District 2 Commissioner Thomasina Coates (D) announced Wednesday that she does not intend to participate in next week’s mediation session in the circuit court case brought against her by two of her colleagues, and instead asked the judge to proceed to a hearing.
The surprise announcement came in the form of a brief, single-paragraph document submitted to the court by her attorneys stating that “due to a recent development, [Coates] will not be attending mediation on March 28, 2023, and will shortly be filing amended pleadings adding additional claims and/or parties to this lawsuit.”
“To that end,” the filing continues, “Coates requests that this Court schedule a status/scheduling conference to arrange for a hearing on pending motions and a hearing on Plaintiffs’ requested preliminary/final injunction.”
Attorneys representing the various parties in the case — plaintiffs District 3 Commissioner Amanda M. Stewart (D) and District 1 Commissioner Gilbert Bowling III (D); Coates’ co-defendant, the Board of County Commissioners; and Coates — participated in a previously scheduled conference on Friday, March 17, during which TLR understands all parties agreed to pause further actions in the lawsuit pending the outcome of next week’s mediation.
TLR has learned that, for now at least, the mediation has not been canceled and the other parties are still planning to attend.
During a preliminary hearing in late January, Judge Leo E. Greene, Jr. strongly encouraged the parties in the case to seek private mediation to settle the issue at the heart of the lawsuit — namely, whether Coates is allowed to vote on the employment contract of County Administrator Mark Belton after having been administratively barred from doing so by the rest of the board in June 2020.
As TLR reported, during that hearing Judge Green ruled that Coates would remain bound by the terms of the administrative restrictions — referred to as the “Prompt and Remedial Action” or “the PRA” for short — until an evidentiary hearing could be scheduled or the parties entered mediation.
Coates’ attorneys have argued that the temporary restraining order that the judge put into place with the intent to preserve the status quo is considerably more strict than the terms of the original PRA, in that it prohibits Coates from discussing “any matter regarding” Belton with the other four county commissioners, and also prevents her from participating in a vote to change or remove the PRA.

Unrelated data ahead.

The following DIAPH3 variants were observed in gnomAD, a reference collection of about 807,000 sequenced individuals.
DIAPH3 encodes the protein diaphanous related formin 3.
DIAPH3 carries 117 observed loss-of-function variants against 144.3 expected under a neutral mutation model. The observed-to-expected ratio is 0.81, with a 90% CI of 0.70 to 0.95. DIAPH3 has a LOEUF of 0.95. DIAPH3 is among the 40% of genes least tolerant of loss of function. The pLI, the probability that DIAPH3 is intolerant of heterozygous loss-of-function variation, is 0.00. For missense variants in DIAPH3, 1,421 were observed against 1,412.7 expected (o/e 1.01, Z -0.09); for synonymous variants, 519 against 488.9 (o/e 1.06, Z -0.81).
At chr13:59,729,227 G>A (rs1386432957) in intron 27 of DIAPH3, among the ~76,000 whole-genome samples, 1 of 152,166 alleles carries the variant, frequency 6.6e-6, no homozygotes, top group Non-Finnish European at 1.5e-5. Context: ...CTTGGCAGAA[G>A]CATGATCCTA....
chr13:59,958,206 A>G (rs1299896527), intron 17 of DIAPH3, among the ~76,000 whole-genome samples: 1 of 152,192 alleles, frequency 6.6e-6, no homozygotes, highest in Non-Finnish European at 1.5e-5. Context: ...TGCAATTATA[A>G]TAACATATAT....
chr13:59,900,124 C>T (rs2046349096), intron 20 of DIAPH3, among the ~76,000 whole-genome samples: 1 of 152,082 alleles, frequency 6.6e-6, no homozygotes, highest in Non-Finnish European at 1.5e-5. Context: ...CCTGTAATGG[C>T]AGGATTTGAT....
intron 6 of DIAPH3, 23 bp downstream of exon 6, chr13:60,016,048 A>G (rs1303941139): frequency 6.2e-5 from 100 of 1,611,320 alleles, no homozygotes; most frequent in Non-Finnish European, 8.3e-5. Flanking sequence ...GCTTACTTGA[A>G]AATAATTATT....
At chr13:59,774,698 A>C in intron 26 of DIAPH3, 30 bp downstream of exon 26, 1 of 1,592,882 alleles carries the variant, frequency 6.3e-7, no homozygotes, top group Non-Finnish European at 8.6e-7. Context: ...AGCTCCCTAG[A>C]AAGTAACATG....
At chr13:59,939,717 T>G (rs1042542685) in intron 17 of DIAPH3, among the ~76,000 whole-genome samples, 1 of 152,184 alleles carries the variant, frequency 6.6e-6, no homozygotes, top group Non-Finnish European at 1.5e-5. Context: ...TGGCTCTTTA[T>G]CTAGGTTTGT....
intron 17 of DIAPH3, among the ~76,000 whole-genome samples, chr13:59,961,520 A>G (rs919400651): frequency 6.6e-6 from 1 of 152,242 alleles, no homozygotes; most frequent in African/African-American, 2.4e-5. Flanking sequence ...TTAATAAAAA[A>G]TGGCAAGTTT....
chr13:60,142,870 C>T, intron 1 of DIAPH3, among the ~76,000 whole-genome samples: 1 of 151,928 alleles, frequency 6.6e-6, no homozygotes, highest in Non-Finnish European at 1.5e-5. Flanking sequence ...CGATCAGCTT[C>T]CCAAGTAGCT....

Although Judge Green only encouraged the parties in the lawsuit to seek mediation, judges typically have the authority to order litigants into mediation if they deem it necessary. To date, Judge Green has not given any indication whether or not he would consider doing so.
Representatives from Commissioner Coates’ legal team did not respond to questions seeking more information about the decision to withdraw from the mediation.
TLR will continue monitoring developments in the case and will provide updates here and on Facebook as needed. To read TLR’s complete coverage of the circuit court and appellate cases, click here or select “Stewart et al. v Commissioners” from the “Categories” menu at right.
Download the Court Documents Discussed in This Post
1: “Praecipe Requesting a Status/Scheduling Conference,” March 22, 2023
2: “Reply to Opposition to Defendant Commissioner Thomasina O. Coates’ Motion to Shorten Briefing Schedule for Motion to Suspend Temporary Restraining Order and to Stay Further Proceedings Pending Appeal,” March 14, 2023